Mumbai: While the Indian and Chinese equity markets are correlated now, investors will in the medium term start to appreciate the different dynamics of each country, says Ashutosh Datar, India economist, and Tiger Tong, China analyst, at the India Infoline Group in an email interview. Edited excerpts:
There are calls around the world for China to revalue the weak renminbi. How is this expected to help India?
China has made it very clear that it will adjust the renminbi (RMB) at its own preferred pace. Thus, though we expect China to allow an appreciation of the RMB from June, we expect the appreciation to be gradual, 3-5% and not sharp as some people expect. That said, a revaluation of the RMB will help the relative competitiveness of Indian companies both in the domestic market as well as international markets. China is India’s largest trading partner and India is a net importer of goods from China. During financial year 2009, India’s imports from China were approximately $31 billion (Rs1.38 trillion) while exports were just $9 billion.
China has commenced tightening its monetary policy. Will this have a ripple effect on, say, falling commodity prices, and benefit India indirectly?
We have to watch out for China’s headline inflation. As long as food prices are under control, the policy tightening from the People’s Bank of China (PBOC) is likely to be muted as China is still worrying about fragility of global growth. Thus interest rate hikes are likely to be moderate—54 to 81 basis points—unless food prices start rising rapidly. PBOC in such a case will rely more on non-market based measures such as credit rationing. However, any abrupt policy tightening from the PBOC could raise fears of a sharp slowdown in Chinese demand impacting both commodity prices as well as global growth assumptions negatively. While negative for India in the short run from an equity market perspective, a meaningful correction in commodity prices is beneficial for India from a macroeconomic perspective, given that the country is a net importer of commodities.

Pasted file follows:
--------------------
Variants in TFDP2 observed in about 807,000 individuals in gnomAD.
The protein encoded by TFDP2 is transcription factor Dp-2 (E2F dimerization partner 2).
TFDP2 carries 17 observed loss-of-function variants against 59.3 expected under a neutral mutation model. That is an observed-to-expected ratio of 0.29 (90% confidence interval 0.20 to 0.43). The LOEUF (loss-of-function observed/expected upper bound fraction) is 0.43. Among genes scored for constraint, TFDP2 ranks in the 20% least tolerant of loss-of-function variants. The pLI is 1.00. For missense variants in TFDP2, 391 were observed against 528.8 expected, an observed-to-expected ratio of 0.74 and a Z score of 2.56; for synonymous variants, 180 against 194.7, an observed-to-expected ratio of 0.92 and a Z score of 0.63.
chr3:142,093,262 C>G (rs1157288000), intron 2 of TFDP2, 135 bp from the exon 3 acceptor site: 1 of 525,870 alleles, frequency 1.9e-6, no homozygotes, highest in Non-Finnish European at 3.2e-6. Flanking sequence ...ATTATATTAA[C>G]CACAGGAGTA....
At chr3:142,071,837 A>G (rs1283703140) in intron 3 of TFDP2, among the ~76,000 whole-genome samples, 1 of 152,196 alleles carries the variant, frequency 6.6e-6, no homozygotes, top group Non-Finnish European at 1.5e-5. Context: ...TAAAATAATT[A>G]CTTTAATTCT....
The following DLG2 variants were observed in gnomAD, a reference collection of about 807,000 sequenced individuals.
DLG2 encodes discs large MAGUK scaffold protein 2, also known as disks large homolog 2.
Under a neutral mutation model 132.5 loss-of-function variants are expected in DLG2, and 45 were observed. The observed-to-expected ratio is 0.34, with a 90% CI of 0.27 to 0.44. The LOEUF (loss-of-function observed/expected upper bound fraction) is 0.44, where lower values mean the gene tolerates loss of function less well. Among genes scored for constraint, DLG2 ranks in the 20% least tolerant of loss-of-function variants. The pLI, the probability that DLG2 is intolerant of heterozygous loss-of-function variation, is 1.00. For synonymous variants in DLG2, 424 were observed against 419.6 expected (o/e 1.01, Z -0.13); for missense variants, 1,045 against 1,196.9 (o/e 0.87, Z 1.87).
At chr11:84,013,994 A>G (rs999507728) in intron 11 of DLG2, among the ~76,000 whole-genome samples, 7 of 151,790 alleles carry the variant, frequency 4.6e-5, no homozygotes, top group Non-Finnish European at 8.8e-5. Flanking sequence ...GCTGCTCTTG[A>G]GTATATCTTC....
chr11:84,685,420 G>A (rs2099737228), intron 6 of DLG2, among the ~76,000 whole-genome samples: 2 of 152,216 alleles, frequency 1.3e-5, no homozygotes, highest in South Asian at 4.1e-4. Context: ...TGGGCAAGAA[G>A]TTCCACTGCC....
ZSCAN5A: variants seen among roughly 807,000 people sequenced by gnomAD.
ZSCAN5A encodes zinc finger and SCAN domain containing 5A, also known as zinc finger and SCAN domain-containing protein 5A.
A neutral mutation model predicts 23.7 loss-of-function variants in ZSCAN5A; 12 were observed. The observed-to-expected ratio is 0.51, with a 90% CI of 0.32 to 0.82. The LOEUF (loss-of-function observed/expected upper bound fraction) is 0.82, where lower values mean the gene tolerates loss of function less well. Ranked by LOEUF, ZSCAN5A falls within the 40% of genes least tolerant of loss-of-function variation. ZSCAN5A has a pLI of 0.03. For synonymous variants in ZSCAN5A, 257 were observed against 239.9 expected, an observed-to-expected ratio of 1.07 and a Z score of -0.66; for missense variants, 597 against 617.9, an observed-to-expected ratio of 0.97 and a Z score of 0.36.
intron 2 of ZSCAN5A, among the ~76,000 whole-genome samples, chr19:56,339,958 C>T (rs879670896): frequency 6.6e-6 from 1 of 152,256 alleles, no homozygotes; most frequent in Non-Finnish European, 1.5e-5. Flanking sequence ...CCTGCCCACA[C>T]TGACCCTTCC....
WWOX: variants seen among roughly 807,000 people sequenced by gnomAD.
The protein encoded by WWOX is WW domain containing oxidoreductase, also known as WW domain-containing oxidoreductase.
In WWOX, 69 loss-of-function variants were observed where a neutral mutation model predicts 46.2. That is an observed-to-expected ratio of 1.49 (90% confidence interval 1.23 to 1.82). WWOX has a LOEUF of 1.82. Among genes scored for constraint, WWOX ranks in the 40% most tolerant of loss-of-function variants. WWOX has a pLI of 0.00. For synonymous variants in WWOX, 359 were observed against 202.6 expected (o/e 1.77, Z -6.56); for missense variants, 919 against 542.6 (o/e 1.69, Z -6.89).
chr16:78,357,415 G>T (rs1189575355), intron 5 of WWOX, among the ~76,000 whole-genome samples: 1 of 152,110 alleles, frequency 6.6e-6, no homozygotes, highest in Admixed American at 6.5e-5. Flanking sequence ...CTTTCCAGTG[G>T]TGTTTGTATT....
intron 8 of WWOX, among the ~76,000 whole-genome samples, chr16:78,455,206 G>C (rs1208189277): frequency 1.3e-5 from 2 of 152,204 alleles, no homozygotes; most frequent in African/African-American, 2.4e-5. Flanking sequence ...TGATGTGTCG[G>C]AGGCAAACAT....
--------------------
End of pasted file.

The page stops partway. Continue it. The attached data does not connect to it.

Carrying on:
Graphic: Yogesh Kumar/Mint
The Chinese stock markets have also been underperforming for some time now. Will we see some foreign institutional money being rotated to India, or are we likely to see Indian markets fall too?
In the short run, we do not expect investors to discriminate between emerging markets. So if there is a sharp correction in China—be it due to global concerns or China-specific factors like stronger -than-expected tightening from the PBOC—it will imply a correction in equities across emerging markets including India. Over the medium term, however, we expect this correlation to reduce as investors appreciate the differing growth dynamics of each country as well as the secular trends at play in countries like India.
Are there any lessons for India to learn from the overheating of the Chinese economy? Do we need to be wary of possible asset bubbles?
Regulators and policymakers in India, especially the Reserve Bank of India (RBI), have always been wary of overheating and asset bubbles. One of the reasons India escaped the adverse impact from the global crisis was because of prudent policies by the RBI during 2006 and 2007. Thus, while we always need to be watchful of overheating and asset bubbles, the track record of our regulators gives us enough confidence that India is unlikely to face the same problems that (the) Western world is currently facing.